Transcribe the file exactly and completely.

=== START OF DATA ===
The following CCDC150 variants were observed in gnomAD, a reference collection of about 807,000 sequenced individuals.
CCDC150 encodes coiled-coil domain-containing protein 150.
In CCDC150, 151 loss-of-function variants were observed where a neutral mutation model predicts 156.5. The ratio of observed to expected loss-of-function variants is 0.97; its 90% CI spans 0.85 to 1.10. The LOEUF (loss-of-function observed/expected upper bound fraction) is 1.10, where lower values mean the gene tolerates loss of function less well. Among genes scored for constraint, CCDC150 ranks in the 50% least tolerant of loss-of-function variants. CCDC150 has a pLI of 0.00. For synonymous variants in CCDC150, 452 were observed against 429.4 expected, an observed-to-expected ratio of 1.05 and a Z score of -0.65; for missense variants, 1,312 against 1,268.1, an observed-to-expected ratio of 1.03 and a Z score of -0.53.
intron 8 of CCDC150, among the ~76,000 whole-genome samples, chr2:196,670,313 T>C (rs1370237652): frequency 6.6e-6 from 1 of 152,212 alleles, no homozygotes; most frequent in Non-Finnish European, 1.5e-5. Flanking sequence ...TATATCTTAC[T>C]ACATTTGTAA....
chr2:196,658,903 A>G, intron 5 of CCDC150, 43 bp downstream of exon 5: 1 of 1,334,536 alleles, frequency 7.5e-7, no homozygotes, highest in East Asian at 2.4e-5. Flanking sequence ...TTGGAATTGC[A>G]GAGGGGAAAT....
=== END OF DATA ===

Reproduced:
The following CCDC150 variants were observed in gnomAD, a reference collection of about 807,000 sequenced individuals.
CCDC150 encodes coiled-coil domain-containing protein 150.
In CCDC150, 151 loss-of-function variants were observed where a neutral mutation model predicts 156.5. The ratio of observed to expected loss-of-function variants is 0.97; its 90% CI spans 0.85 to 1.10. The LOEUF (loss-of-function observed/expected upper bound fraction) is 1.10, where lower values mean the gene tolerates loss of function less well. Among genes scored for constraint, CCDC150 ranks in the 50% least tolerant of loss-of-function variants. CCDC150 has a pLI of 0.00. For synonymous variants in CCDC150, 452 were observed against 429.4 expected, an observed-to-expected ratio of 1.05 and a Z score of -0.65; for missense variants, 1,312 against 1,268.1, an observed-to-expected ratio of 1.03 and a Z score of -0.53.
intron 8 of CCDC150, among the ~76,000 whole-genome samples, chr2:196,670,313 T>C (rs1370237652): frequency 6.6e-6 from 1 of 152,212 alleles, no homozygotes; most frequent in Non-Finnish European, 1.5e-5. Flanking sequence ...TATATCTTAC[T>C]ACATTTGTAA....
chr2:196,658,903 A>G, intron 5 of CCDC150, 43 bp downstream of exon 5: 1 of 1,334,536 alleles, frequency 7.5e-7, no homozygotes, highest in East Asian at 2.4e-5. Flanking sequence ...TTGGAATTGC[A>G]GAGGGGAAAT....